Faulty Reasoning and the Fall of the Roman Empire
Malaria, an ancient killer has been in the news recently in the use of hydroxychloroquine (has long been used to treat malaria) to treat and prevent covid-19. According to the most recent World Malaria Report, there were an estimated 228 million cases of malaria worldwide and 405,000 malaria-related deaths in 2018.
According to the American archaeologist, David Soren, malaria may have contributed to the fall of the Roman Empire. The DNA work of British scientist, Robert Sallares has now confirmed that malaria was a killer during late Roman times.
The Romans cannot figure out the relationship between the Anopheles mosquito and malaria. They thought that the cause is due to the bad scent or bad air from the swamps, thus the Latin word, “mala aria”, from which malaria got its name. Those Romans who lived in the mountainous areas were spared from malaria because they were away from the swamps. Today due to the discovery by Sir Ronald Ross, we know that malaria is caused by the parasite, Plasmodium, transmitted by the bite of Anopheles mosquitoes which breed in stagnant water like in the swamps.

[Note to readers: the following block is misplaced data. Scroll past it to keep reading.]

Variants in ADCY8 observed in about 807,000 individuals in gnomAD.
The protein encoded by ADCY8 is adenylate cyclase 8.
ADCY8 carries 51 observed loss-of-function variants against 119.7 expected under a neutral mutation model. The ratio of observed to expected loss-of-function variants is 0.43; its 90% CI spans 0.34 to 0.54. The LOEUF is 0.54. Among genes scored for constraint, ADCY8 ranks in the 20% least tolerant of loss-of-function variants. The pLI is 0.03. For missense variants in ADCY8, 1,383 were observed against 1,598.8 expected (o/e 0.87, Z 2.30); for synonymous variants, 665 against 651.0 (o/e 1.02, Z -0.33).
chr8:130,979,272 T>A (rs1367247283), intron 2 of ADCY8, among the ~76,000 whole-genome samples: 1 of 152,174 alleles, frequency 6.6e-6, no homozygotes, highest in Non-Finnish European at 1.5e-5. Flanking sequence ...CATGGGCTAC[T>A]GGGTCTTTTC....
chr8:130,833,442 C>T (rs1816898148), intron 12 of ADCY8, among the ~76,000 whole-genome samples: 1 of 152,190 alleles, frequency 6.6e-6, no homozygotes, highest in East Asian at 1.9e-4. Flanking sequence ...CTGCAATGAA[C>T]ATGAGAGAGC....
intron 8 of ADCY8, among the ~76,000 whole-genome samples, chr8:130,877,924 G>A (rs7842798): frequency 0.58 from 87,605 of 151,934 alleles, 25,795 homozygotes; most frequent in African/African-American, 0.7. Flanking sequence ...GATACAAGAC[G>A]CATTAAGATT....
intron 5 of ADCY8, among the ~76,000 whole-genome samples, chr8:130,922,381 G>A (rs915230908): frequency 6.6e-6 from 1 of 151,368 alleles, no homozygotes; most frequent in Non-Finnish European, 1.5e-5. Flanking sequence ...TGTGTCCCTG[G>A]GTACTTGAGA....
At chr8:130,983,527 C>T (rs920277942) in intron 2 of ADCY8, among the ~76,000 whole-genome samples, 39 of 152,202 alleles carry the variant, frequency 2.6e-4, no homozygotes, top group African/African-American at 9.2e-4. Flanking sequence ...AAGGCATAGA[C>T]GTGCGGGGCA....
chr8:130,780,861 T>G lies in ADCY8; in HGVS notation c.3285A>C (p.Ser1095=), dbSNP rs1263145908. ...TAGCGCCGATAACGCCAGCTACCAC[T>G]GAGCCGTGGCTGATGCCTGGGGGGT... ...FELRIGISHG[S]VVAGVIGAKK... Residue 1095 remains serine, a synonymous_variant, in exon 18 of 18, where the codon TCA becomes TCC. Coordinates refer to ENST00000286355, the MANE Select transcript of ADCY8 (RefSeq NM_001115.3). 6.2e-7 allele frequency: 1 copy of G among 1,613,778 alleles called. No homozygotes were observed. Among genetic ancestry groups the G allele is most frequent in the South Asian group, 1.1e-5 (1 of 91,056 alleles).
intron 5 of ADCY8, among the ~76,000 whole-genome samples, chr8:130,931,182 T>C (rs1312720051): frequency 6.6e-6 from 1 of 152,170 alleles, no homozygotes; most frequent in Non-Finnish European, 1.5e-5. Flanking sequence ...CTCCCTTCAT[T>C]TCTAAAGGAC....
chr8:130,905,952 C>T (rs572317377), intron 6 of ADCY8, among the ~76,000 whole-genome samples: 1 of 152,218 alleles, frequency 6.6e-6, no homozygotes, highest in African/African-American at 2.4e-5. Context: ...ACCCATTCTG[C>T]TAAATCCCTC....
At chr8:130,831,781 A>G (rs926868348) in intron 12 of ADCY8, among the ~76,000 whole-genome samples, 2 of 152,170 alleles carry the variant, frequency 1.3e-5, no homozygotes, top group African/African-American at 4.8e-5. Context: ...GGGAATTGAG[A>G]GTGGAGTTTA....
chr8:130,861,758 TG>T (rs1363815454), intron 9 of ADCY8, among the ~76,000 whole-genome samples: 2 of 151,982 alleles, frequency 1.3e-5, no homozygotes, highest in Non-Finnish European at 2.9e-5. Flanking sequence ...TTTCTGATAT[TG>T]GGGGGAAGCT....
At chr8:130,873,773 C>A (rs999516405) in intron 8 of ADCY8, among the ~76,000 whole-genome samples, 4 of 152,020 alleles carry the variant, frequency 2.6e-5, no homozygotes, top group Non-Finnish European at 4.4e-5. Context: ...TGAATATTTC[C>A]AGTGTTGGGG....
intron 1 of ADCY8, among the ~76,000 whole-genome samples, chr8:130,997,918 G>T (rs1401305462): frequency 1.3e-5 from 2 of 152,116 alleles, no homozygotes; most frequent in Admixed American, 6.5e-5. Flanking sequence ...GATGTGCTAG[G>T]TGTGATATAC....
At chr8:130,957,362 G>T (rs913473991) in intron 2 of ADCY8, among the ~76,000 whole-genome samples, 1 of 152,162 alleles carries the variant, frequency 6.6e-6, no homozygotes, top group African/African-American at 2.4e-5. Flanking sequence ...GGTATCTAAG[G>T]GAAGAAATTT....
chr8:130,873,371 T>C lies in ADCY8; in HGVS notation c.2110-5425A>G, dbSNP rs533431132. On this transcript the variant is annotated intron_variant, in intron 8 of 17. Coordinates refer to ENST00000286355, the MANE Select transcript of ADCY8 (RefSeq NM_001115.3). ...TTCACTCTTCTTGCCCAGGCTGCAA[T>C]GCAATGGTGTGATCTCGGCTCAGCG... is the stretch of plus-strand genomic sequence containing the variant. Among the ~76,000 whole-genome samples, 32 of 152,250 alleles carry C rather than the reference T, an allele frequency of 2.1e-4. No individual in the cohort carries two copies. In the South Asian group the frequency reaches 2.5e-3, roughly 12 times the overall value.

Faulty reasoning of linking the cause of malaria to bad air could not control the spread of malaria. It led to disaster for the Roman empire as fewer capable soldiers could be recruited due to the disease.
Faulty reasoning occurs when the conclusion is not supported by the data.
For example, breaking a mirror and then met with a car accident make you conclude that “Breaking mirrors causes bad luck.” This is an illogical conclusion based on two unrelated incidents.
Critical thinking prevents us from faulty reasoning to deceive us to buy a poor product, to make unwise project decisions, vote for the wrong candidate or accept an unsuitable job and solving problems.
Recommended short reading on Critical Thinking:
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